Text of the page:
MINNEAPOLIS -- The man who is appointed to take over public safety in the city of Minneapolis is hitting the ground running. Dr. Cedric Alexander spent the morning in North Minneapolis meeting people and trying to get an understanding of their wants and needs when it comes to public safety.
He was tapped to help Mayor Jacob Frey move public safety along and on his second day in the city, Alexander found himself on a street corner in North Minneapolis, meeting and greeting all who drove or walked by.
"That wasn't a statement. That was a prayer for the city, that was a prayer for the leadership with the mayor, so thats what we are going to move on," Alexander said.
Alexander says he had lots to move on when it comes to integrating five departments: police, fire, 911, emergency management, and neighborhood safety.
"People need to feel that their public safety is legitimate, which means, 'I can trust them, they hear me when I'm talking. I have a voice in the situation,'" Alexander said.
He acknowledged the report from the Minnesota Department of Human Rights that pointed to biased policing within MPD.
"We know that there is a disconnect between police and community. Let's acknowledge that, let's not act like it don't exist. It does, right, so we've got a lot of work to do in that domain. Community has work to do, this police department has work to do in building those relationships. We just can't talk about community building, we've got to actually do it," Alexander said.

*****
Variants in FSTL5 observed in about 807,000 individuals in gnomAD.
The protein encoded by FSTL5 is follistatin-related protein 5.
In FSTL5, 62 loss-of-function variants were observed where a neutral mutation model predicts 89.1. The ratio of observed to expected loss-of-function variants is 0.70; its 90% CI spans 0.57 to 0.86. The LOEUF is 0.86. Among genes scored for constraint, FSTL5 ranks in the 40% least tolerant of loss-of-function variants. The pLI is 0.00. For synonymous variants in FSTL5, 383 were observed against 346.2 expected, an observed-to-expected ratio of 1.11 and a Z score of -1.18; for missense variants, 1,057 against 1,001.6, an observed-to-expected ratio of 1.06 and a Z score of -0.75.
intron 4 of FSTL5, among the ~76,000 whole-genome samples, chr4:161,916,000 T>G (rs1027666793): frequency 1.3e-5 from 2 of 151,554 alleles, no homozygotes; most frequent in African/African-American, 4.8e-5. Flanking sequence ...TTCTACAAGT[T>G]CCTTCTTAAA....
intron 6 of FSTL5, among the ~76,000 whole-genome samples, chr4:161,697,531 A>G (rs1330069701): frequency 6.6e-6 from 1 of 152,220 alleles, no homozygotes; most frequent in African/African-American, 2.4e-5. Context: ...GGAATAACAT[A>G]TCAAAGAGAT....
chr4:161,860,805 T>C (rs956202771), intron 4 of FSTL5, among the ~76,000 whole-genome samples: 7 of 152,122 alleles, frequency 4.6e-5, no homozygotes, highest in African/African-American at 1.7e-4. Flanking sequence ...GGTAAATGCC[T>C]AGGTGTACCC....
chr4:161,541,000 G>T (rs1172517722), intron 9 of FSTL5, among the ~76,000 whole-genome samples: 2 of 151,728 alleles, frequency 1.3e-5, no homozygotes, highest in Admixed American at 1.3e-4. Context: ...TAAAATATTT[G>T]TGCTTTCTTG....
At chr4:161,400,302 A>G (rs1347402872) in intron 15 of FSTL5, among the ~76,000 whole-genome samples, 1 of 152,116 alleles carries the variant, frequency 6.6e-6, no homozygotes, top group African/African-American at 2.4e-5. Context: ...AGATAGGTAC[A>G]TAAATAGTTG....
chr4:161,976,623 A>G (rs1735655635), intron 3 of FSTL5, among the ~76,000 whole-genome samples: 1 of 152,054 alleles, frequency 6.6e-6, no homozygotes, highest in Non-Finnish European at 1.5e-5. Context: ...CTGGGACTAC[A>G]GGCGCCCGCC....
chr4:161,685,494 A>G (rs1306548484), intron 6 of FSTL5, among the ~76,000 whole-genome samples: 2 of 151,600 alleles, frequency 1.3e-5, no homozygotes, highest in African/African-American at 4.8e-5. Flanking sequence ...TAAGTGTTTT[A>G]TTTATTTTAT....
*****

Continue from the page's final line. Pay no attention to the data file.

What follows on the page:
Alexander also spent time listening 911 operators talk about shortages. He hopes to boost hiring there and within MPD to help move public safety forward.
"There is going to be some new initiatives, some new thinking, and some new ways of doing business. And that's in each one of these precincts that inspectors oversee, that's in our entire command staff at the fire department, that's everywhere, every aspect," Alexander said.
He knows building trust is a big priority and that must be done, one person at a time.
"They want police in their communities. They want them up and down Broadway. They want them on the streets, in their neighborhoods. But people want good police. They want honest police. They want constitutional policing. They want respectful policing, and they deserve that, and they are going to get that," Alexander said.
Alexander says he is ready to get to work but he knows there is a process he had to go through. His employment will be heard by Minneapolis City Council on July 21.
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